HOUSTON — Resolving legal issues that arise from Saturday’s fuel spill in Galveston Bay likely will require years of litigation and cost tens of millions of dollars.
“You usually don’t talk about environmental cleanups in the millions of dollars range. It’s in the tens of millions of dollars range,” said Noah Hall, who focuses on environmental and water law as an associate professor at Wayne State University in Detroit. “You dump something in the water, and boy is it hard to get back.”
Houston-based Kirby Corp., which owned and operated the barge that spilled 168,000 gallons of fuel after a collision Saturday, faces potential federal fines, cleanup costs and damage payments to residents and businesses.
Officials and legal experts stressed that the investigation into the incident continues and that no penalties or damages have been assessed.
On Tuesday, however, the government notified Kirby that under federal law, it is the responsible party for the spill, said Greg Beuerman, a spokesman for the group of responders that includes the U.S. Coast Guard, the Texas General Land Office and Texas Parks and Wildlife Department, among others.
The designation means Kirby is responsible for the cleanup and is subject to provisions of the Oil Pollution Act, a 1990 law passed in response to the Exxon Valdez oil tanker spill in Alaska.
Saturday’s spill resulted from the collision of the Kirby barge and the 585-foot bulk carrier Summer Wind, owned by Cleopatra Shipping Agency.
Although the investigation is ongoing, details of the collision aren’t likely to spare Kirby from federal penalties.
“Basically, the owner of the ship carrying the oil is responsible,” said Thomas Perrelli, a partner with the law firm Jenner & Block who previously oversaw the U.S. Justice Department’s litigation over the 2010 Gulf of Mexico oil spill.
If Kirby believes the Cleopatra Shipping vessel or other entities played a role in causing the spill, it will have to pursue litigation seeking reimbursement for a portion of any penalties or damages it pays.
“The legal regime is set up to make this really simple: you pay, and then you chase whoever you think caused it,” Perrelli said.
Matt Woodruff, Kirby’s director of government affairs, declined to speculate whether Kirby would sue other companies over the accident.
The Oil Pollution Act generally caps the cleanup costs a company can be assessed, with the caps varying among different types of vessels.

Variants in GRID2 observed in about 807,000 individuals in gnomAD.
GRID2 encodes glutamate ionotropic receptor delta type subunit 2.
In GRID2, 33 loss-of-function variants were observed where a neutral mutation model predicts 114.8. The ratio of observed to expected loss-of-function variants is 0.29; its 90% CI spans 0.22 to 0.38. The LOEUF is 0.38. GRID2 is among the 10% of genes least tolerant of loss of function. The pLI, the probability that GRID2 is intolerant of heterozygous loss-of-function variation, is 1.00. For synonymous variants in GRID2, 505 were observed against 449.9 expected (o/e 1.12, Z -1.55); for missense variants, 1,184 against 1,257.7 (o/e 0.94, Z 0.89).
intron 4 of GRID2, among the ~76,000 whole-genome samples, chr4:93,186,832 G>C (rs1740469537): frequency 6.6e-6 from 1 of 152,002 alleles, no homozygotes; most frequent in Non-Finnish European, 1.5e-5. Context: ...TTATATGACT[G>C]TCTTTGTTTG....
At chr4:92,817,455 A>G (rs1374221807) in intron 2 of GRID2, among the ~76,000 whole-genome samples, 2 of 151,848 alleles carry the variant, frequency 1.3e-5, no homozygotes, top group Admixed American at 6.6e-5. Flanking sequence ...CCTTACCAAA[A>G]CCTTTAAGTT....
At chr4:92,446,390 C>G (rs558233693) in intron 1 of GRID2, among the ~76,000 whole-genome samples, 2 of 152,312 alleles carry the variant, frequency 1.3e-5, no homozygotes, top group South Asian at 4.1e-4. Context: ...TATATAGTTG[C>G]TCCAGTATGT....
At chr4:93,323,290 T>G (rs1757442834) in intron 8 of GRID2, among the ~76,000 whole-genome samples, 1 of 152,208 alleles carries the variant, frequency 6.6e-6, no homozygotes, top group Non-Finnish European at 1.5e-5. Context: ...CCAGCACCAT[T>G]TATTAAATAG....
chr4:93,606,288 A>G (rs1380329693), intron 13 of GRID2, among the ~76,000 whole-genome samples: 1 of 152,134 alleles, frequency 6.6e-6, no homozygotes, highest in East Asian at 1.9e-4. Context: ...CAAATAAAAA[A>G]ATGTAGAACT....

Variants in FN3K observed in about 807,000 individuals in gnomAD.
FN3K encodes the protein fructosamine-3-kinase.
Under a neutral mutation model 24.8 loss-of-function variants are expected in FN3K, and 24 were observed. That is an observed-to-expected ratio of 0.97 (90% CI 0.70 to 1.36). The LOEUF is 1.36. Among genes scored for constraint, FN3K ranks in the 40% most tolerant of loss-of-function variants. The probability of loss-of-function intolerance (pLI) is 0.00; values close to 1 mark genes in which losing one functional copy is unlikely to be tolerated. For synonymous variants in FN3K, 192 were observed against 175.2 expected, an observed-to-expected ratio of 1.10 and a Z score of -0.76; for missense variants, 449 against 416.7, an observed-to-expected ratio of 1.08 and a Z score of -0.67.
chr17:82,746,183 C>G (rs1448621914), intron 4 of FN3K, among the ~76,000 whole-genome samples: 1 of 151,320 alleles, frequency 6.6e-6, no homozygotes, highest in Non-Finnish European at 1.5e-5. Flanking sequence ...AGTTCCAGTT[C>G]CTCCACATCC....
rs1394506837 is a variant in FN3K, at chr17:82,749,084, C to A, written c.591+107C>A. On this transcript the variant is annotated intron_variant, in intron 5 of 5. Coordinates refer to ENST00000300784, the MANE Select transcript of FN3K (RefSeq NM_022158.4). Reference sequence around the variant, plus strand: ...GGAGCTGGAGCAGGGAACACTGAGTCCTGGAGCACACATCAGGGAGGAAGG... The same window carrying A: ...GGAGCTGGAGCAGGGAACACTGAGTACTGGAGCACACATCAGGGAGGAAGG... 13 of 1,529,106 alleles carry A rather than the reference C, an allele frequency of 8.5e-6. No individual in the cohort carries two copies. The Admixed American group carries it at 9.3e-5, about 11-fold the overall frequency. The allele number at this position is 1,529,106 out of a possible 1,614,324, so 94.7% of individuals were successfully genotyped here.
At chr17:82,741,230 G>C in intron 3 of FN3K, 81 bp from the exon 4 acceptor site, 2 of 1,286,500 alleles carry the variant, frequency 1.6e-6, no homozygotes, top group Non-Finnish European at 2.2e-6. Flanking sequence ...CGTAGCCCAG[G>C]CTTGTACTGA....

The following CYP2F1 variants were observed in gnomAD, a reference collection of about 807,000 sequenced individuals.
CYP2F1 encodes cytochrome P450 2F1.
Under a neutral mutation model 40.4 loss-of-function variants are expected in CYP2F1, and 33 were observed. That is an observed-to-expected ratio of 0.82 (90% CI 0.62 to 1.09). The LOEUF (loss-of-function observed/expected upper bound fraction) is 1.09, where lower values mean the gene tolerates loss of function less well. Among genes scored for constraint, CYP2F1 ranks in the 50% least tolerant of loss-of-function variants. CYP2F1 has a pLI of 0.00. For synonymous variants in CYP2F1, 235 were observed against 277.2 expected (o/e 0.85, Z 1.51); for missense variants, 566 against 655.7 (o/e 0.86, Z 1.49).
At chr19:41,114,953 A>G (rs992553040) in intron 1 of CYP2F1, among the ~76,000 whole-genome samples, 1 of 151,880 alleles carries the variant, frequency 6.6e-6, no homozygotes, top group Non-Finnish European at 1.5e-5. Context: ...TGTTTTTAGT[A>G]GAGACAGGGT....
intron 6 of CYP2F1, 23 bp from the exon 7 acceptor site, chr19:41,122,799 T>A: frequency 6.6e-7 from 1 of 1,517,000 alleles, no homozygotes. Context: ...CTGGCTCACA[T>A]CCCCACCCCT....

But if a court determines a spill resulted from gross negligence or violations of safety regulations, those caps don’t apply. “In the context of a major oil spill, that’s always something hanging over the head of the ships involved,” Perrelli said.
Kirby also could face penalties under the Clean Water Act. That penalty is $1,100 per barrel spilled — about $4.4 million based on the 4,000 barrels in the barge compartment that was breached. The penalty would be reduced for each barrel recovered in the cleanup process, but would increase to $4,300 per barrel if a court ruled the spill resulted from gross negligence.
Kirby Corp. has noted in federal financial filings that spills are a hazard of its business.
“Although statistically marine transportation is the safest means of transporting bulk commodities, accidents do occur, both involving company equipment and equipment owned by other marine carriers,” the company wrote in its annual report to the Securities and Exchange Commission, filed less than a month before the accident.
The Houston Chronicle reported on Monday that according to government records, the towboat Miss Susan, which was pushing the barge in Saturday’s collision, has been involved in 20 incidents reported to the Coast Guard in the past dozen years.
That total includes two other accidents that occurred when the towboat was pushing barges containing oil or asphalt.
Kirby has insurance covering up to $1 billion per occurrence for claims arising from collisions, personal injuries and environmental damage, according to its SEC filings.
Besides cleanup payments, federal law requires companies responsible for oil spills to establish funds to compensate individuals or businesses suffering spill-related property damage or economic losses.
Claimants can accept specified damage payments from the fund or pursue their own cases in court.
State and local governments also can file claims or pursue lawsuits.
Already, charter fishing businesses and others have filed a class-action lawsuit against Cleopatra Shipping Agency and Kirby Inland Marine, the Kirby Corp. subsidiary that owned the towboat Miss Susan.
Hall, the Wayne State professor, said the company could owe additional money to Texas under federal law as a penalty for damaging its natural resources.
“This gets a little subjective,” Hall said. “You figure out how many turtles you killed, how many miles of shoreline was polluted, and it gets paid to the state as the trustee of natural resources. It’s part of what the company owes society.”
The company also may face liability under the Migratory Bird Treaty Act because the spill was near routes used by migratory birds, said Marcilynn Burke, an associate professor at the University of Houston Law Center.
That law has been a powerful tool for the government in spill cases, and was applied extensively in the Exxon Valdez spill, said Burke, a former deputy director for programs and policy at the Bureau of Land Management.
“Accidents do happen,” she said. “The law is intended to make sure those responsible pay for the damages created by those accidents.”